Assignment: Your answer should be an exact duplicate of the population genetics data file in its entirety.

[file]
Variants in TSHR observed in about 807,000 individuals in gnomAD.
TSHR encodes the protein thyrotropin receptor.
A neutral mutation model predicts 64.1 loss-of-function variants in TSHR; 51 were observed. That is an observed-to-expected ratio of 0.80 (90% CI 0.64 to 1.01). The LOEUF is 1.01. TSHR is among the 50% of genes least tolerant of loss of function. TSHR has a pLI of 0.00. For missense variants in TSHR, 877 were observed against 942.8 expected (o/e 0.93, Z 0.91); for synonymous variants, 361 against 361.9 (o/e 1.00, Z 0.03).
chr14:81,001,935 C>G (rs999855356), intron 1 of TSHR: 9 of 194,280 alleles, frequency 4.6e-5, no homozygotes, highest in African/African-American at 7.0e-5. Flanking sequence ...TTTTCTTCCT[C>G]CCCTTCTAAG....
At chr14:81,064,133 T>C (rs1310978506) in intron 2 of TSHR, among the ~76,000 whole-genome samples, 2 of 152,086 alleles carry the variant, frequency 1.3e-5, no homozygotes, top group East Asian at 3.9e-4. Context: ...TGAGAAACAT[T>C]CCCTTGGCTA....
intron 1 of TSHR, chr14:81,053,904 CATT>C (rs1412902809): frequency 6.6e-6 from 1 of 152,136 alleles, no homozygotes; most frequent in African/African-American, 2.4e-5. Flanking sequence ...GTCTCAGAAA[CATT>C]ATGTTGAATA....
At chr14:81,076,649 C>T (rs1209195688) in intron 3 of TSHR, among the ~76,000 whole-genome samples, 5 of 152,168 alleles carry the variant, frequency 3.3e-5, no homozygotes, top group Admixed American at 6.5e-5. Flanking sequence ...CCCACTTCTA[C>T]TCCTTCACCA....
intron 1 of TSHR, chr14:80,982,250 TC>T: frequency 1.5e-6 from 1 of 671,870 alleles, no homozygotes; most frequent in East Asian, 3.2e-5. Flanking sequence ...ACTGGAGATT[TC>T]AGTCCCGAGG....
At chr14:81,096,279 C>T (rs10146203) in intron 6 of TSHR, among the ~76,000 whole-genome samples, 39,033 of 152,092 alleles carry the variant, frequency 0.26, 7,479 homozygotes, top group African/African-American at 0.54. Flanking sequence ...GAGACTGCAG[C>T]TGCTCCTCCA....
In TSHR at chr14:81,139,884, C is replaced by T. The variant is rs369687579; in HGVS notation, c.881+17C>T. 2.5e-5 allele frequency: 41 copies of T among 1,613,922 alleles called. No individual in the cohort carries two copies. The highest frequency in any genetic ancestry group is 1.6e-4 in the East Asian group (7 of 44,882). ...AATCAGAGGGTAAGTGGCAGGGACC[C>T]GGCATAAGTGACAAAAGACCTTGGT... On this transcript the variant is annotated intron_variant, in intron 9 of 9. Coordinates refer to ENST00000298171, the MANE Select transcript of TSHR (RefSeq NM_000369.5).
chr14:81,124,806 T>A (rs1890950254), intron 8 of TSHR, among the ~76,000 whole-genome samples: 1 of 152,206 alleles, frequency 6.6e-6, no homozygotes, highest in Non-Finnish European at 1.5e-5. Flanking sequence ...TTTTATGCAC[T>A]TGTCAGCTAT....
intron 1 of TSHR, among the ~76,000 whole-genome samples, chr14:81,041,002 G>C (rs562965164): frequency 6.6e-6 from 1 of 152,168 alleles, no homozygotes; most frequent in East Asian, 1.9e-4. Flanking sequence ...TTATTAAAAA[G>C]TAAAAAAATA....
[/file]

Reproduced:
Variants in TSHR observed in about 807,000 individuals in gnomAD.
TSHR encodes the protein thyrotropin receptor.
A neutral mutation model predicts 64.1 loss-of-function variants in TSHR; 51 were observed. That is an observed-to-expected ratio of 0.80 (90% CI 0.64 to 1.01). The LOEUF is 1.01. TSHR is among the 50% of genes least tolerant of loss of function. TSHR has a pLI of 0.00. For missense variants in TSHR, 877 were observed against 942.8 expected (o/e 0.93, Z 0.91); for synonymous variants, 361 against 361.9 (o/e 1.00, Z 0.03).
chr14:81,001,935 C>G (rs999855356), intron 1 of TSHR: 9 of 194,280 alleles, frequency 4.6e-5, no homozygotes, highest in African/African-American at 7.0e-5. Flanking sequence ...TTTTCTTCCT[C>G]CCCTTCTAAG....
At chr14:81,064,133 T>C (rs1310978506) in intron 2 of TSHR, among the ~76,000 whole-genome samples, 2 of 152,086 alleles carry the variant, frequency 1.3e-5, no homozygotes, top group East Asian at 3.9e-4. Context: ...TGAGAAACAT[T>C]CCCTTGGCTA....
intron 1 of TSHR, chr14:81,053,904 CATT>C (rs1412902809): frequency 6.6e-6 from 1 of 152,136 alleles, no homozygotes; most frequent in African/African-American, 2.4e-5. Flanking sequence ...GTCTCAGAAA[CATT>C]ATGTTGAATA....
At chr14:81,076,649 C>T (rs1209195688) in intron 3 of TSHR, among the ~76,000 whole-genome samples, 5 of 152,168 alleles carry the variant, frequency 3.3e-5, no homozygotes, top group Admixed American at 6.5e-5. Flanking sequence ...CCCACTTCTA[C>T]TCCTTCACCA....
intron 1 of TSHR, chr14:80,982,250 TC>T: frequency 1.5e-6 from 1 of 671,870 alleles, no homozygotes; most frequent in East Asian, 3.2e-5. Flanking sequence ...ACTGGAGATT[TC>T]AGTCCCGAGG....
At chr14:81,096,279 C>T (rs10146203) in intron 6 of TSHR, among the ~76,000 whole-genome samples, 39,033 of 152,092 alleles carry the variant, frequency 0.26, 7,479 homozygotes, top group African/African-American at 0.54. Flanking sequence ...GAGACTGCAG[C>T]TGCTCCTCCA....
In TSHR at chr14:81,139,884, C is replaced by T. The variant is rs369687579; in HGVS notation, c.881+17C>T. 2.5e-5 allele frequency: 41 copies of T among 1,613,922 alleles called. No individual in the cohort carries two copies. The highest frequency in any genetic ancestry group is 1.6e-4 in the East Asian group (7 of 44,882). ...AATCAGAGGGTAAGTGGCAGGGACC[C>T]GGCATAAGTGACAAAAGACCTTGGT... On this transcript the variant is annotated intron_variant, in intron 9 of 9. Coordinates refer to ENST00000298171, the MANE Select transcript of TSHR (RefSeq NM_000369.5).
chr14:81,124,806 T>A (rs1890950254), intron 8 of TSHR, among the ~76,000 whole-genome samples: 1 of 152,206 alleles, frequency 6.6e-6, no homozygotes, highest in Non-Finnish European at 1.5e-5. Flanking sequence ...TTTTATGCAC[T>A]TGTCAGCTAT....
intron 1 of TSHR, among the ~76,000 whole-genome samples, chr14:81,041,002 G>C (rs562965164): frequency 6.6e-6 from 1 of 152,168 alleles, no homozygotes; most frequent in East Asian, 1.9e-4. Flanking sequence ...TTATTAAAAA[G>C]TAAAAAAATA....